Roma survivor cites "forgotten Holocaust"

Thu Jan 27, 2011 12:35pm EST
 
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By Eric Kelsey

BERLIN (Reuters) - The first Sinti and Roma keynote speaker at Germany's Holocaust remembrance day told parliament on Thursday the mass murder of Roma during the Nazi era was the "forgotten Holocaust" as they continue to suffer across Europe.

Zoni Weisz, 73, was only seven years old when he was separated from his family and fled the German transports from the Netherlands to Auschwitz.

He was saved by the grace of a policeman and spent the war in hiding. His parents and siblings were murdered in Auschwitz.

"A half-million Sinti and Roma -- men, women and children -- were exterminated in the Holocaust," Weisz told the Bundestag on the anniversary of the 1945 liberation of Auschwitz, with Chancellor Angela Merkel standing just a few steps away.

"Society has learned nothing or nearly nothing, otherwise it would treat us more responsibly," Weisz said, who worked as a florist for the Dutch royal family.

The term "Roma" refers to various groups of people who describe themselves as Roma, Sinti, Gypsies, Travellers and other titles.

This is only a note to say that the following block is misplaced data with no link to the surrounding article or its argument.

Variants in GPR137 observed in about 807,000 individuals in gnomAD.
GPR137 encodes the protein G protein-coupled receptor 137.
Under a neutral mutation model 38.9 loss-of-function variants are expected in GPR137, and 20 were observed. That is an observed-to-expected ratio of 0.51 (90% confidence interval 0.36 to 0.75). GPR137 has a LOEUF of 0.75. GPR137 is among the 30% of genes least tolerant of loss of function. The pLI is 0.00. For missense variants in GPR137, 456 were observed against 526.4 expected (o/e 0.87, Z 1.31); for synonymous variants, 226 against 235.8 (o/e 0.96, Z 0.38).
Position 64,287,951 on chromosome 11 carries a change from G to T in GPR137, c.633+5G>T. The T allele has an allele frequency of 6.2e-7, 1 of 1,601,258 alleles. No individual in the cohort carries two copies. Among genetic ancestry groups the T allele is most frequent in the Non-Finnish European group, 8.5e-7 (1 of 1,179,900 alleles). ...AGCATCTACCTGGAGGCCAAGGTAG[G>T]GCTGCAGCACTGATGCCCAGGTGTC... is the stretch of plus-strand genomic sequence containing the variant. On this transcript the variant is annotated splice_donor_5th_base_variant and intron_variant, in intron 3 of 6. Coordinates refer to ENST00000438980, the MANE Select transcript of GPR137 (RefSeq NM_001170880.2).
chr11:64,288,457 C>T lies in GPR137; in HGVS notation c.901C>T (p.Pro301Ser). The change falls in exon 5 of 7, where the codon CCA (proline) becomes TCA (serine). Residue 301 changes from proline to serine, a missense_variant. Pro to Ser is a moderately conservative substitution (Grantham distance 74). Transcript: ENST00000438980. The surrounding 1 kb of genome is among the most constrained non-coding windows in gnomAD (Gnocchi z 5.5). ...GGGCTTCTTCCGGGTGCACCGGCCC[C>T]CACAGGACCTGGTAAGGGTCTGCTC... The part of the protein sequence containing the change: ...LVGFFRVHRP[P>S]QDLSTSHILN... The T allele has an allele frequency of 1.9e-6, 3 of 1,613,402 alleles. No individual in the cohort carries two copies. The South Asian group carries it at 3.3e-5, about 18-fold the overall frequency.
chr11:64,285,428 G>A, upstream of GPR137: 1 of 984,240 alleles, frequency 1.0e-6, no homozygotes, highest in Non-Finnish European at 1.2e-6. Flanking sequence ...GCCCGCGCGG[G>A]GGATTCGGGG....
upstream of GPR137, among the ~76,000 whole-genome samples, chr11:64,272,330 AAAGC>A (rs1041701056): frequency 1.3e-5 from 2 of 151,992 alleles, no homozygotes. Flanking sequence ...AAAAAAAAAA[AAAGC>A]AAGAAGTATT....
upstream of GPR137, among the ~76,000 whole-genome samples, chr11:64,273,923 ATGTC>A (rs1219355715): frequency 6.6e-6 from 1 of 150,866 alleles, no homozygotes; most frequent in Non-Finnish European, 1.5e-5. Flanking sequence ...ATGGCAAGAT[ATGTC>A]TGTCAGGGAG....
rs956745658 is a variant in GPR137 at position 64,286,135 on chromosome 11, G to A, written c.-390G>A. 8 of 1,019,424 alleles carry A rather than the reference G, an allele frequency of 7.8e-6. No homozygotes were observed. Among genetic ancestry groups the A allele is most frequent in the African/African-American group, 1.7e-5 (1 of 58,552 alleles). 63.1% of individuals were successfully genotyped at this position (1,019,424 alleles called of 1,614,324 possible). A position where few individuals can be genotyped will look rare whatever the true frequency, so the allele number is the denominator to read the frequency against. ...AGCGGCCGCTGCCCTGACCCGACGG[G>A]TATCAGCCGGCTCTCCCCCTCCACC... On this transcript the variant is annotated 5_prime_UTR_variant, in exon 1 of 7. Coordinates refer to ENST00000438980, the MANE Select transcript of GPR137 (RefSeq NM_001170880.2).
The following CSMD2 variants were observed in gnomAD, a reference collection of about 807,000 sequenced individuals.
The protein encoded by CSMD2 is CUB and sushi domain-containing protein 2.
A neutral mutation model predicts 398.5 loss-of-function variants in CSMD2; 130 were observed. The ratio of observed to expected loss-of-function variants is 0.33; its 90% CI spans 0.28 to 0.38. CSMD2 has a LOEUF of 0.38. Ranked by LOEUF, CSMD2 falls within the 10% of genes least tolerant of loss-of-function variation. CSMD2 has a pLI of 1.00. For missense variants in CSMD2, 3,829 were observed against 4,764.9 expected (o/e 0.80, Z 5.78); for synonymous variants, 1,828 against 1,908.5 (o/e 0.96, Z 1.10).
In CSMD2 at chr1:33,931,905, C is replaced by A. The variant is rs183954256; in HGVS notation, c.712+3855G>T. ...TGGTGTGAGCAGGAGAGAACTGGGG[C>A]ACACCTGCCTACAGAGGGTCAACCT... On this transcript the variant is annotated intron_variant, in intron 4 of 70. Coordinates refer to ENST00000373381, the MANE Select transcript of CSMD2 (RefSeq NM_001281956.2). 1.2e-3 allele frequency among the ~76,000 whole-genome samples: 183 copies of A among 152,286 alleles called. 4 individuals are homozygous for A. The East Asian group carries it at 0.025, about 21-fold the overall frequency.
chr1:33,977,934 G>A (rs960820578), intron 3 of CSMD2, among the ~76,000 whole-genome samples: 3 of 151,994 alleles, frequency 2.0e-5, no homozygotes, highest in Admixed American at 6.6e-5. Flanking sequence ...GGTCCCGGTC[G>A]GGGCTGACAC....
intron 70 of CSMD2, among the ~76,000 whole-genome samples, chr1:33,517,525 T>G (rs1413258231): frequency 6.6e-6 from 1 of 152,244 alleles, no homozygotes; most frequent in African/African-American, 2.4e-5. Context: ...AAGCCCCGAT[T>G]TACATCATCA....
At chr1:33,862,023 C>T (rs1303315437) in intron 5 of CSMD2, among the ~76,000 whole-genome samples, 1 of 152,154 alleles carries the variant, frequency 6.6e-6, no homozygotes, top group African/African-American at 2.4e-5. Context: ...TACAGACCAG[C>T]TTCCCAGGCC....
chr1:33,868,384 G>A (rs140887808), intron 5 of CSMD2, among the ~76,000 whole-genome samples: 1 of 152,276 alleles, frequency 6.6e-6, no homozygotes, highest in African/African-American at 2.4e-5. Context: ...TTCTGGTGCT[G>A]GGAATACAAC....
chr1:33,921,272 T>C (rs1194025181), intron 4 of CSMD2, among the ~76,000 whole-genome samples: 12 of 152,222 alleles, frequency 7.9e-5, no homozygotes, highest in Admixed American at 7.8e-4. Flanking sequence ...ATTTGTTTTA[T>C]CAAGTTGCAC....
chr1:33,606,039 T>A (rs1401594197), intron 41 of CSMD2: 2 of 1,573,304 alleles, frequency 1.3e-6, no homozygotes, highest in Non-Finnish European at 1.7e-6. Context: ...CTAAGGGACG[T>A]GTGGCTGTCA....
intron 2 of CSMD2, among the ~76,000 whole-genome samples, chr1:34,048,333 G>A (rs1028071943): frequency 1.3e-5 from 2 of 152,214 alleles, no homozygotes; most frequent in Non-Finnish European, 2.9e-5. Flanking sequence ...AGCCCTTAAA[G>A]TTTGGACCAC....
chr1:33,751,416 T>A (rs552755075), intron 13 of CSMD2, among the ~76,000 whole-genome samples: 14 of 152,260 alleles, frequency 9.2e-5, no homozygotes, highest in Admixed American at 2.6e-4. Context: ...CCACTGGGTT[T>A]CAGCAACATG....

Last year France began expelling Roma migrants to Bulgaria and Romania, straining ties with Germany and drawing legal action from the European Union, which was later dropped.

Hungary's leading far-right party has also pushed to have Roma segregated from society in camps. In Germany, where the government goes to great lengths to commemorate victims of the Nazi era, the genocide of the Roma was only first acknowledged in 1982.   Continued...

 
<p>President of the German Constitutional Court Andreas Vosskuhle (R-L) German Chancellor Angela Merkel, President of the Bundesstag Norbert Lammert, Zoni Weisz representative of German head of the central council of the Sinti and Roma and President of the Upper House of Parliament Bundesrat Hannelore Kraft attend a commemoration service for the victims of national socialism, on International Holocaust Memorial Day, at the Reichstag building, seat of the German lower house of Parliament Bundestag, in Berlin, January 27, 2011. REUTERS/Tobias Schwarz</p>